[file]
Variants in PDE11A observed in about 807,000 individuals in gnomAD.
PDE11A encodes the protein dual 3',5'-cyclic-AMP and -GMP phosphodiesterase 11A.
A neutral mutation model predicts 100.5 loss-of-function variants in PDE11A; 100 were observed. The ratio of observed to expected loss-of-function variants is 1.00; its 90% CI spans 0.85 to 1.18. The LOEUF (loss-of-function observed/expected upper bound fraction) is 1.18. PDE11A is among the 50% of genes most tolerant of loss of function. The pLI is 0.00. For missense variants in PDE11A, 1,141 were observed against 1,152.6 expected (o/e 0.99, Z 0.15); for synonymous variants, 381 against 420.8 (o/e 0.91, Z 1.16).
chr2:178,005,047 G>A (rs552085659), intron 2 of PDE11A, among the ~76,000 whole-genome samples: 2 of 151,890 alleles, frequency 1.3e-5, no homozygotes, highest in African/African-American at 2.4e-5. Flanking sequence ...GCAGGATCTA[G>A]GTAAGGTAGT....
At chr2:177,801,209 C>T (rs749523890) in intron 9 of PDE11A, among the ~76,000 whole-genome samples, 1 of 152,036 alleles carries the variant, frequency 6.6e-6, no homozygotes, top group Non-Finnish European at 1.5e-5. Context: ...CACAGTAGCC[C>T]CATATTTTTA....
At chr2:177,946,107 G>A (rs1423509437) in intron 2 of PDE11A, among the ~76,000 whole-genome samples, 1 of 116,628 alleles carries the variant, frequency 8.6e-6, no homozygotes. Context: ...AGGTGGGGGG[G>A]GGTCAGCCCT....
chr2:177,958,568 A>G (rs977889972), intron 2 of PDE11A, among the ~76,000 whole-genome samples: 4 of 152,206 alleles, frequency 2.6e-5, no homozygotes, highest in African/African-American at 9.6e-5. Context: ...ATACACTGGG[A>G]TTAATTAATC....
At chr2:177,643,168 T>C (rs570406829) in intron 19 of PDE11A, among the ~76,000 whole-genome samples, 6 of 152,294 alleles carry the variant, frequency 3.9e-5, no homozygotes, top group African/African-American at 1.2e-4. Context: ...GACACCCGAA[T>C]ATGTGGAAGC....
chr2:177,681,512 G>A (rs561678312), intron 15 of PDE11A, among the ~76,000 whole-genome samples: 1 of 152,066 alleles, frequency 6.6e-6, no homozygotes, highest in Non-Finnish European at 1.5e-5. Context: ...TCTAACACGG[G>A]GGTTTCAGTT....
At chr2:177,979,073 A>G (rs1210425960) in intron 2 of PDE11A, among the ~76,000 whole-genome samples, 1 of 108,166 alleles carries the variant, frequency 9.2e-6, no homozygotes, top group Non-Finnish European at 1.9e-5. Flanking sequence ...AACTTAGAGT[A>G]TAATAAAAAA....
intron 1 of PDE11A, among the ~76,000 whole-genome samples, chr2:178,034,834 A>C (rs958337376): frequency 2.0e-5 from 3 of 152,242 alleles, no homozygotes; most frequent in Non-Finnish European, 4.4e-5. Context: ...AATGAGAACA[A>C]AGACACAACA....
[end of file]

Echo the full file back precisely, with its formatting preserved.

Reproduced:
Variants in PDE11A observed in about 807,000 individuals in gnomAD.
PDE11A encodes the protein dual 3',5'-cyclic-AMP and -GMP phosphodiesterase 11A.
A neutral mutation model predicts 100.5 loss-of-function variants in PDE11A; 100 were observed. The ratio of observed to expected loss-of-function variants is 1.00; its 90% CI spans 0.85 to 1.18. The LOEUF (loss-of-function observed/expected upper bound fraction) is 1.18. PDE11A is among the 50% of genes most tolerant of loss of function. The pLI is 0.00. For missense variants in PDE11A, 1,141 were observed against 1,152.6 expected (o/e 0.99, Z 0.15); for synonymous variants, 381 against 420.8 (o/e 0.91, Z 1.16).
chr2:178,005,047 G>A (rs552085659), intron 2 of PDE11A, among the ~76,000 whole-genome samples: 2 of 151,890 alleles, frequency 1.3e-5, no homozygotes, highest in African/African-American at 2.4e-5. Flanking sequence ...GCAGGATCTA[G>A]GTAAGGTAGT....
At chr2:177,801,209 C>T (rs749523890) in intron 9 of PDE11A, among the ~76,000 whole-genome samples, 1 of 152,036 alleles carries the variant, frequency 6.6e-6, no homozygotes, top group Non-Finnish European at 1.5e-5. Context: ...CACAGTAGCC[C>T]CATATTTTTA....
At chr2:177,946,107 G>A (rs1423509437) in intron 2 of PDE11A, among the ~76,000 whole-genome samples, 1 of 116,628 alleles carries the variant, frequency 8.6e-6, no homozygotes. Context: ...AGGTGGGGGG[G>A]GGTCAGCCCT....
chr2:177,958,568 A>G (rs977889972), intron 2 of PDE11A, among the ~76,000 whole-genome samples: 4 of 152,206 alleles, frequency 2.6e-5, no homozygotes, highest in African/African-American at 9.6e-5. Context: ...ATACACTGGG[A>G]TTAATTAATC....
At chr2:177,643,168 T>C (rs570406829) in intron 19 of PDE11A, among the ~76,000 whole-genome samples, 6 of 152,294 alleles carry the variant, frequency 3.9e-5, no homozygotes, top group African/African-American at 1.2e-4. Context: ...GACACCCGAA[T>C]ATGTGGAAGC....
chr2:177,681,512 G>A (rs561678312), intron 15 of PDE11A, among the ~76,000 whole-genome samples: 1 of 152,066 alleles, frequency 6.6e-6, no homozygotes, highest in Non-Finnish European at 1.5e-5. Context: ...TCTAACACGG[G>A]GGTTTCAGTT....
At chr2:177,979,073 A>G (rs1210425960) in intron 2 of PDE11A, among the ~76,000 whole-genome samples, 1 of 108,166 alleles carries the variant, frequency 9.2e-6, no homozygotes, top group Non-Finnish European at 1.9e-5. Flanking sequence ...AACTTAGAGT[A>G]TAATAAAAAA....
intron 1 of PDE11A, among the ~76,000 whole-genome samples, chr2:178,034,834 A>C (rs958337376): frequency 2.0e-5 from 3 of 152,242 alleles, no homozygotes; most frequent in Non-Finnish European, 4.4e-5. Context: ...AATGAGAACA[A>C]AGACACAACA....